Service: A Career and a Calling
Recreation management professor Brad Harris doesn’t want to be one of those people who go through the motions every day. He’s never been the kind of person to just daydream about making a difference—he actually does something about it. This mentality has inspired Harris to work in nonprofits throughout his life.
Nonprofit work may seem small-scale to some, but Harris is using what he knows to dispel misconceptions surrounding nonprofit organizations. For Harris, service in the nonprofit sector has been much more than a way to pay the bills.
“It’s not just a job—it’s a career and a calling to help other people,” Harris says.
Harris’s interest in the field began in college when one of his professors at BYU offered extra credit for volunteering at a Boy Scout merit badge powwow held on campus. At the time, Harris was studying cartography. While at the event he met some recreation management faculty who talked with him about scouting as a profession. After that encounter, he decided that recreation management was the major for him.
Scouting played a big part in Harris’s life while he was growing up. He was born with reverse club foot on both feet and had to wear leg braces for much of his childhood. Harris went through the scouting program as a youth, which he says helped him realize his great potential—regardless of his disability.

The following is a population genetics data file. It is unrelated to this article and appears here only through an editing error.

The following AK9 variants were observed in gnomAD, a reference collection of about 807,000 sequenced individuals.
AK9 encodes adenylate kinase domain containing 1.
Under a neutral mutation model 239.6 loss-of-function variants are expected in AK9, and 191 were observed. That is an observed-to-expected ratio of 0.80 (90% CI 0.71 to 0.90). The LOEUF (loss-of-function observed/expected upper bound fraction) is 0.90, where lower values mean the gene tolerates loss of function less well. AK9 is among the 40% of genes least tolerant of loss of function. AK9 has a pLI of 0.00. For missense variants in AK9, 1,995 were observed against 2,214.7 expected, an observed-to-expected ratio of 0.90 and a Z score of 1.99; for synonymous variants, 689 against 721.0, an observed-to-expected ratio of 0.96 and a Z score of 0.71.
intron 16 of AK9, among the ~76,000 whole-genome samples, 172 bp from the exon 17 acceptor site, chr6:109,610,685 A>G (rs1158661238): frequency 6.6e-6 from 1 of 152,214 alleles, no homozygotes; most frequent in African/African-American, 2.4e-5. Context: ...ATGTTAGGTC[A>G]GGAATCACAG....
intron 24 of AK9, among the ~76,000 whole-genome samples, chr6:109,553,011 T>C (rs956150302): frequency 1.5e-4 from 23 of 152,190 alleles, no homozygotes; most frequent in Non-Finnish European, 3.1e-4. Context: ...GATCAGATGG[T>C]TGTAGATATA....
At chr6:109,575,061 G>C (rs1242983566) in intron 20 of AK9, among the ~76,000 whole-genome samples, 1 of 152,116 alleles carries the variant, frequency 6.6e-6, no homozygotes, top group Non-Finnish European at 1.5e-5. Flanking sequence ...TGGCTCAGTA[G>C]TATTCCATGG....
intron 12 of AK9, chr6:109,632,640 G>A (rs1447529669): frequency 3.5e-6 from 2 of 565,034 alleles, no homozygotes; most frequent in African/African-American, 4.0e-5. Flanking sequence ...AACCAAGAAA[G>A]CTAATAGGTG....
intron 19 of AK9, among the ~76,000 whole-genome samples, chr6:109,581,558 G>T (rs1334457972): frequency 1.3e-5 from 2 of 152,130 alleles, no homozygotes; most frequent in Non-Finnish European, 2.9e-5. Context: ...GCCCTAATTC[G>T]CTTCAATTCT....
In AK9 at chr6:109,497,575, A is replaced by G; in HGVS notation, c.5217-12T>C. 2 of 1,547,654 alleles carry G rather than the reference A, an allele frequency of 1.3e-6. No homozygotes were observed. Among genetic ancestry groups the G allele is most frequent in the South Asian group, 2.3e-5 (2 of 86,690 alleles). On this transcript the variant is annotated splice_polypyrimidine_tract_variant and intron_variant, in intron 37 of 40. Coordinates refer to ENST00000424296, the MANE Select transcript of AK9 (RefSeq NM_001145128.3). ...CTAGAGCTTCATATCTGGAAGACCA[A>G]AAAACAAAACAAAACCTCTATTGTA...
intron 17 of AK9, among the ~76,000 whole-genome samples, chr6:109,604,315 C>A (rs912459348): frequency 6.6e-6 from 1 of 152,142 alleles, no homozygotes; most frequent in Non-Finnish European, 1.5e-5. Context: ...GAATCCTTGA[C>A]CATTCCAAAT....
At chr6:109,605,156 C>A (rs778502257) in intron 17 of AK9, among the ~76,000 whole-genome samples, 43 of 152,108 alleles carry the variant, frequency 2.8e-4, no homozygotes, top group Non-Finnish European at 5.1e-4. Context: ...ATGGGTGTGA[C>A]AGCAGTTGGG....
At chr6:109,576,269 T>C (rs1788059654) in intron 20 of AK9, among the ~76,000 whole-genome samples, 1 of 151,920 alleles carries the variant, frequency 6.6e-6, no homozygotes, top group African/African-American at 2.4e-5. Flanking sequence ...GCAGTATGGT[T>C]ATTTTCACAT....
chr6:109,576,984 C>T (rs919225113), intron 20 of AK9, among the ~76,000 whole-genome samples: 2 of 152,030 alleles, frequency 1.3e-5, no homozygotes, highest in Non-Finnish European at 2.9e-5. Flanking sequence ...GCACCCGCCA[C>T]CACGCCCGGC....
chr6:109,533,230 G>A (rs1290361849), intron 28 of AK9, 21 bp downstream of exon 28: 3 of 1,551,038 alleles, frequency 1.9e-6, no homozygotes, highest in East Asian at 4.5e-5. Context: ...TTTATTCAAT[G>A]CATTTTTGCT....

“Being in a Cub Scout den with seven of my best friends helped lift me out of this self-pity thing and helped me realize that I could do anything,” Harris says.
After graduating from BYU with a bachelor’s degree in youth agency administration (a precursor to the recreation management program), Harris worked professionally for the Boy Scouts of America for twenty-two years and held many significant leadership positions. He wrote some of the training and courses for the Venturing program and traveled across the nation to train local leaders on its implementation. Harris also earned a master’s degree in public administration from BYU in 2007.
In 2003, Harris started working at BYU in the recreation management department where he now teaches various courses in leadership and career exploration. He also teaches classes for the nonprofit minor, which he helped found.
“People think that nonprofits are just quaint and cute—they don’t see the magnitude,” Harris says. “They don’t realize that we are surrounded by significant, large nonprofit organizations that have great salaries, great benefits, and happy people.”
All in all, Harris loves his job. He is the advisor of the BYU Nonprofit Student Association and likes to keep track of the students he has taught after they graduate. He feels satisfied knowing that what he teaches them helps make a real difference in the world.
“BYU students in and of themselves are pretty sharp, but I get an upper crust,” Harris says. “I hope that my students can become advocates for nonprofits throughout their lives so they can take care of those silly misconceptions people have, that they can talk about the powerful effect that nonprofits have, and that they appreciate them as the fastest growing sector in the country.”